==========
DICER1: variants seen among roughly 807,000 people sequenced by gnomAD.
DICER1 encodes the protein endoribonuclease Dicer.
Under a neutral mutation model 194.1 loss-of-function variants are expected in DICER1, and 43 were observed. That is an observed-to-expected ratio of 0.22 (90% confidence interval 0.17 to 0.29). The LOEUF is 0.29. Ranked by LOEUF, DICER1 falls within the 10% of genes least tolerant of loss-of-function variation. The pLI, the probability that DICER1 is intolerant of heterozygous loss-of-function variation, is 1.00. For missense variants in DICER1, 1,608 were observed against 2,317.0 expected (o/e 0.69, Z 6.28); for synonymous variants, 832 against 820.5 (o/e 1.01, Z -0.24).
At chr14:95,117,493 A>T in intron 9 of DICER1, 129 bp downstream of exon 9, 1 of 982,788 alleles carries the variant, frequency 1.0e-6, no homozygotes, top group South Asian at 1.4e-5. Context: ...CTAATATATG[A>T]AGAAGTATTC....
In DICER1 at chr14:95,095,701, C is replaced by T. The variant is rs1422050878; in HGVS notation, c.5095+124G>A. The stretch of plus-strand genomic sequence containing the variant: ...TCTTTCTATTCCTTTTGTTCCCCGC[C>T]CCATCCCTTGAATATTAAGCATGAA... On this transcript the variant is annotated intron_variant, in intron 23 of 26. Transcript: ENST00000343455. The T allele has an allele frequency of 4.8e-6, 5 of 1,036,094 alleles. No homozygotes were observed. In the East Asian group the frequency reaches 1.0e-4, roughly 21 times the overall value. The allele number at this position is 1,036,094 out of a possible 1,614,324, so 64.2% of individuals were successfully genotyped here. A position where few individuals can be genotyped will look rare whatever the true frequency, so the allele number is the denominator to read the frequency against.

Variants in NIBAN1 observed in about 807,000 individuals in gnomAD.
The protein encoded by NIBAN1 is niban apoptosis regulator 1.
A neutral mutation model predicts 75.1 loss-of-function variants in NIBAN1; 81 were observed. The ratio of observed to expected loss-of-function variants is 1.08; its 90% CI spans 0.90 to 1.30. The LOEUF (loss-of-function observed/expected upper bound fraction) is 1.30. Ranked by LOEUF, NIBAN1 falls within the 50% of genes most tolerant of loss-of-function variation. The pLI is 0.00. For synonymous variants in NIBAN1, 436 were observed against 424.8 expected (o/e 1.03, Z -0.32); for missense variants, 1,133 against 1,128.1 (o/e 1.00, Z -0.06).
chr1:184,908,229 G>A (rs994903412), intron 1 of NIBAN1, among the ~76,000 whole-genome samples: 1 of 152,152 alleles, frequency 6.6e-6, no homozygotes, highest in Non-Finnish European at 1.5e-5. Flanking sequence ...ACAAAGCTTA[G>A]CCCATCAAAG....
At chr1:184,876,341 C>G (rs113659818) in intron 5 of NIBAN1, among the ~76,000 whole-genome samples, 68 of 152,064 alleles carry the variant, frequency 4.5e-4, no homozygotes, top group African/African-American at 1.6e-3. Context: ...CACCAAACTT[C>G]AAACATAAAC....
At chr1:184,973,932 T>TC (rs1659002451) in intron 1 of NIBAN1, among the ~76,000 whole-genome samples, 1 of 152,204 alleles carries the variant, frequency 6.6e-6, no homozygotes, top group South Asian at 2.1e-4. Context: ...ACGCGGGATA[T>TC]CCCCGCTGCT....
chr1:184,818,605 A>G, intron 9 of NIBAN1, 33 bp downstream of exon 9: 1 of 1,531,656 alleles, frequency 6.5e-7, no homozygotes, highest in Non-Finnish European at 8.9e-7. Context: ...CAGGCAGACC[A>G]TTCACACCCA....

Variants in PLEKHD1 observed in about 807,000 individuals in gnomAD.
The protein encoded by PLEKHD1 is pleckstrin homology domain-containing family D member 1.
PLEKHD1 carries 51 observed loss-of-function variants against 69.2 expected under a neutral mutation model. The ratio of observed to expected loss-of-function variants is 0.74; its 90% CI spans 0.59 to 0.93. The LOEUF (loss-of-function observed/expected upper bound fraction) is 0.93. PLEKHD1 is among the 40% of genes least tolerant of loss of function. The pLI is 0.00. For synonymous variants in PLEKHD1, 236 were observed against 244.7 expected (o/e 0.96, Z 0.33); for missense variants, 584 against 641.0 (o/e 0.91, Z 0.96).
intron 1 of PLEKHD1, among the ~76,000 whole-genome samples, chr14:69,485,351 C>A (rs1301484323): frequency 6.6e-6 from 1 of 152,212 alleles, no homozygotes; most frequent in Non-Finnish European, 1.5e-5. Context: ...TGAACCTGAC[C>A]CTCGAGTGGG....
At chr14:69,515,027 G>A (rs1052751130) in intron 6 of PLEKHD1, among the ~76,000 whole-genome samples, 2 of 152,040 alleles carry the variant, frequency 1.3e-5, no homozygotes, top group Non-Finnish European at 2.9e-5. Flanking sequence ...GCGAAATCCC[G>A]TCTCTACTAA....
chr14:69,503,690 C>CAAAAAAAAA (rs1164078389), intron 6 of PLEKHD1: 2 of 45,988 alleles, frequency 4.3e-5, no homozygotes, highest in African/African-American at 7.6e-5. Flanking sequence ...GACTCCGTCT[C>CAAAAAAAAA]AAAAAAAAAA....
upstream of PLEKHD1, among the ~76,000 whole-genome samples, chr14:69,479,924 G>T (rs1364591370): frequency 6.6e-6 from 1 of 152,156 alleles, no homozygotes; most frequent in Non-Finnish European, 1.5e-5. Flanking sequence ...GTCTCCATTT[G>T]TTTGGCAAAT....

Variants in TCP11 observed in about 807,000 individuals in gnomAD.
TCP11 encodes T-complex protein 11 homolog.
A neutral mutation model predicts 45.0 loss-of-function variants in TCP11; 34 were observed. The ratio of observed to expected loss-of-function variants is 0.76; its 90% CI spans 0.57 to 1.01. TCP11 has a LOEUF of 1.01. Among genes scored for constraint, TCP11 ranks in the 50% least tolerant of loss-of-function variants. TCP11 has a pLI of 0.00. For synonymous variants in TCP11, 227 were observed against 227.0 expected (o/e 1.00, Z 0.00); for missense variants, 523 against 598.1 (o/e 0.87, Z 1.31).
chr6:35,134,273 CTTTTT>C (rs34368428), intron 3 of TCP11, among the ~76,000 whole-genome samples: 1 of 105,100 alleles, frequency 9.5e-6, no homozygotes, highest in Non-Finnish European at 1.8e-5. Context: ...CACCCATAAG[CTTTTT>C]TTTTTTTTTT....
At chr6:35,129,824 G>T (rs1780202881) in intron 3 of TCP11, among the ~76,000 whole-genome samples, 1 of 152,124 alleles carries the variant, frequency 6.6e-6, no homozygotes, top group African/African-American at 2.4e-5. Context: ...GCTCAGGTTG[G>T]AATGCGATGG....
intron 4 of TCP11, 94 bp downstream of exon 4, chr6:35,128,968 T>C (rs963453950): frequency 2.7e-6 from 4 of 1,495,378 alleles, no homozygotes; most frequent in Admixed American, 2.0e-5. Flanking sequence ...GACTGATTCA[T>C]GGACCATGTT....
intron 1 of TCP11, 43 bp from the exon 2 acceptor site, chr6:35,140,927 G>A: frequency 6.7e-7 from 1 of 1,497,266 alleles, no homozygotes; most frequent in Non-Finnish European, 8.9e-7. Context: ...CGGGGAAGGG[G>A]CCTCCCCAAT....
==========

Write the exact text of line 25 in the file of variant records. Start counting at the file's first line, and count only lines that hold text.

intron 4 of TCP11, 94 bp downstream of exon 4, chr6:35,128,968 T>C (rs963453950): frequency 2.7e-6 from 4 of 1,495,378 alleles, no homozygotes; most frequent in Admixed American, 2.0e-5. Flanking sequence ...GACTGATTCA[T>C]GGACCATGTT....